When Best Practices in SEOs Aren’t Working for CEO
Bottom-line-minded CEOs and growth-focused heads of marketing are embracing search engine optimization (SEO) like never before. And for good reason.
With the end of Covid now in sight, search engine cost-per-click rates are increasing for most sectors, according to Merkle’s Digital Marketing Report. Retail CPCs were up 3% in Q4 2020, and B2B CPCs were up 13%. As the economy continues to reboot, one can be sure that these costs will continue to rise.
At the same time, organic search visits are up a staggering amount, except for travel sites. Retail organic search visits were up 40% in Q4, as an example. Users are, it seems, getting tired of so many search ads and preferring to click on search results they know weren’t paid for.
So, with SEM costs rising, and organic search’s importance increasing, no wonder SEO is being adopted more and more by anyone doing business online.
What guides many (most?) SEO efforts today are “best practices.” You’ll find the same general techniques listed in many a blog, press article, and marketing conference speeches:
- Make your content align to your search terms
- Make the page title and URL and meta description of your page match the search terms
- Improve your user experience and page speed
- Link key pages on your web site to others, and fix broken links
- Get other sites to link to yours
And so on.
These are not “best practices.” They are average practices.
Now, don’t get me wrong. These are good things to do to optimize your site for search engines. But are they best? To me, “best” means best for me (and, by extension, better than my competitors).
What’s made SEO a difficult sell to data-driven and ROI-minded CEOs and heads of marketing, even though they know the importance of ranking high on the search results, are these problems:
- SEO is a long game
- SEO is resource-intensive
- SEO has been wait-and-see — you can’t predict results
Fortunately, for those companies that want to increase their organic traffic, and lower their cost per customer acquisition, AI is now changing SEO in the same ways it’s changed conversion optimization, email copywriting, paid search marketing and other parts of the marketing stack.
The biggest change is in the area of search engine modeling. Using machine learning, one can now build models — accurate simulations — of the search engines and how they weight different factors on your site to determine rankings. These weights are different for each keyword, as well as different for each region, so this is no simple task.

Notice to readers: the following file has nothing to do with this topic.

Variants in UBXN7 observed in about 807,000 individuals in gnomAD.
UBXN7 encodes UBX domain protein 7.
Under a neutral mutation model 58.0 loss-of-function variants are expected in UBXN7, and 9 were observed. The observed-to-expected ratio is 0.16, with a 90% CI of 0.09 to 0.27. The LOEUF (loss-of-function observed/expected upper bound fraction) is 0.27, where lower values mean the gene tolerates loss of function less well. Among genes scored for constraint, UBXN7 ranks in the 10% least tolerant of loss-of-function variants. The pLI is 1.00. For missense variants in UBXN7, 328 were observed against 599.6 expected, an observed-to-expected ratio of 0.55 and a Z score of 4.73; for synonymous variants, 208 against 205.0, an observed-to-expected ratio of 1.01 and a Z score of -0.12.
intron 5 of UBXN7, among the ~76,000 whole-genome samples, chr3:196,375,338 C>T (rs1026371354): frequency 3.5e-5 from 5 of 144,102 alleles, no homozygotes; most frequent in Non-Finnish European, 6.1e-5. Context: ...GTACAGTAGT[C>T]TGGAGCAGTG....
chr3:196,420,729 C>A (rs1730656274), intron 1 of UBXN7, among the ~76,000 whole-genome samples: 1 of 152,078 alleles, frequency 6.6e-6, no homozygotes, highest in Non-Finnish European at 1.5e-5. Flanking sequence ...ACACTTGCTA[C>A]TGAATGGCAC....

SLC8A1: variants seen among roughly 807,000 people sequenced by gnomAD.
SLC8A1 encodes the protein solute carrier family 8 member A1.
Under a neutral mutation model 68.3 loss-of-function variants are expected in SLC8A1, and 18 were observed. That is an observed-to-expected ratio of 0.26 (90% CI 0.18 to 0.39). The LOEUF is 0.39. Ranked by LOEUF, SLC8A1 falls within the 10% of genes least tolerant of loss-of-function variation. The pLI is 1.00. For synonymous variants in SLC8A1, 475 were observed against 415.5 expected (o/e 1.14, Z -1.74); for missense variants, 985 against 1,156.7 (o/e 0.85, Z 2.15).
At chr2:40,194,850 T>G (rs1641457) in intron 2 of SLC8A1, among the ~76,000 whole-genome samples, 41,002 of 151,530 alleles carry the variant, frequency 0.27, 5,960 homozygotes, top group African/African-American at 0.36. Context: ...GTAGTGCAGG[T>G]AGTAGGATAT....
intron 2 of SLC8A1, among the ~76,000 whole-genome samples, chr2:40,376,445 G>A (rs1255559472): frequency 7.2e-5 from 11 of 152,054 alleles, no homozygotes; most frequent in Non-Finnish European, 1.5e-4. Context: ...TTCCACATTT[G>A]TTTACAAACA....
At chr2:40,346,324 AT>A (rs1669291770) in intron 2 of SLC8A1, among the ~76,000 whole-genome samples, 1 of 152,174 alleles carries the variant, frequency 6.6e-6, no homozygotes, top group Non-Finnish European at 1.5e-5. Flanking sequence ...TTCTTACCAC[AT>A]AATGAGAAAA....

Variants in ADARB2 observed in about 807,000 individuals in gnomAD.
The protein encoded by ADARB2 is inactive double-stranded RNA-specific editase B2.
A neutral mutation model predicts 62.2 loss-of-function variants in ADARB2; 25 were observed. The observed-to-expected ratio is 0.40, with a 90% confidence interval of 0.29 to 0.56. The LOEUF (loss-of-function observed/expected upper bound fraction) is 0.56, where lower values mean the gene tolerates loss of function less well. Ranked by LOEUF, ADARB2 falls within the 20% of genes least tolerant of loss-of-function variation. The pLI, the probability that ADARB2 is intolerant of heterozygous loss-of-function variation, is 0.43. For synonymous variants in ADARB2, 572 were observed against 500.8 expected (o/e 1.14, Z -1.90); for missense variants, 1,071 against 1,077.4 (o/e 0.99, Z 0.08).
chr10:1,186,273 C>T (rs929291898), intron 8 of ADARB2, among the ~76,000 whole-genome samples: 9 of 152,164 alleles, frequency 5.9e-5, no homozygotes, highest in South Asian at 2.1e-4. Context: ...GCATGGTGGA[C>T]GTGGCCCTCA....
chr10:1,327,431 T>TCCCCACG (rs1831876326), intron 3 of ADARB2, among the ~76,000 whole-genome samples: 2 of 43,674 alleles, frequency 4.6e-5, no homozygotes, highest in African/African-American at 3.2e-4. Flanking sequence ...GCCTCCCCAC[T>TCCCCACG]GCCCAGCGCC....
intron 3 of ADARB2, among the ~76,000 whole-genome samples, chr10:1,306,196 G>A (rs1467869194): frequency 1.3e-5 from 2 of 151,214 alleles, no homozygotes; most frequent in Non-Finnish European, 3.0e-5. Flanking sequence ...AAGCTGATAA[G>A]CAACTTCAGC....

Previous human efforts to reverse engineer certain search engine algorithms haven’t succeeded. Some have approximated the general results, but these approaches can’t account for the fact that different keywords can be considered radically different in terms of what site and page factors matter.
And the search engines change all the time, both with major updates and the continuous evolution of their underlying neural networks.
AI-based search engine modeling solves these problems. By building models for each search engine/query combination that matters to you, you now can analyze web sites (yours and your competitors) and understand what factors drive rankings and where gaps exist — where you are ahead and where you are lagging, for each factor that the search engines consider.
This makes SEO less resource-intensive, or perhaps more resource-effective, as with this approach you can know exactly where to spend your time and what to leave for another day.
These search engine models also allow you to test the changes you want to make and predict the results within the time it takes to do a site crawl (an hour or two, normally), vs. wait 30-60 days to see. So you can predict in advance for those CEOs and marketing heads that want backup.
SEO is still a long game, but AI is changing that game. Just like Big Blue beats the chess grandmasters, and AlphaGo takes down the top human Go players, so are AI-based search engine models defeating the traditional “best practices” approach to SEO.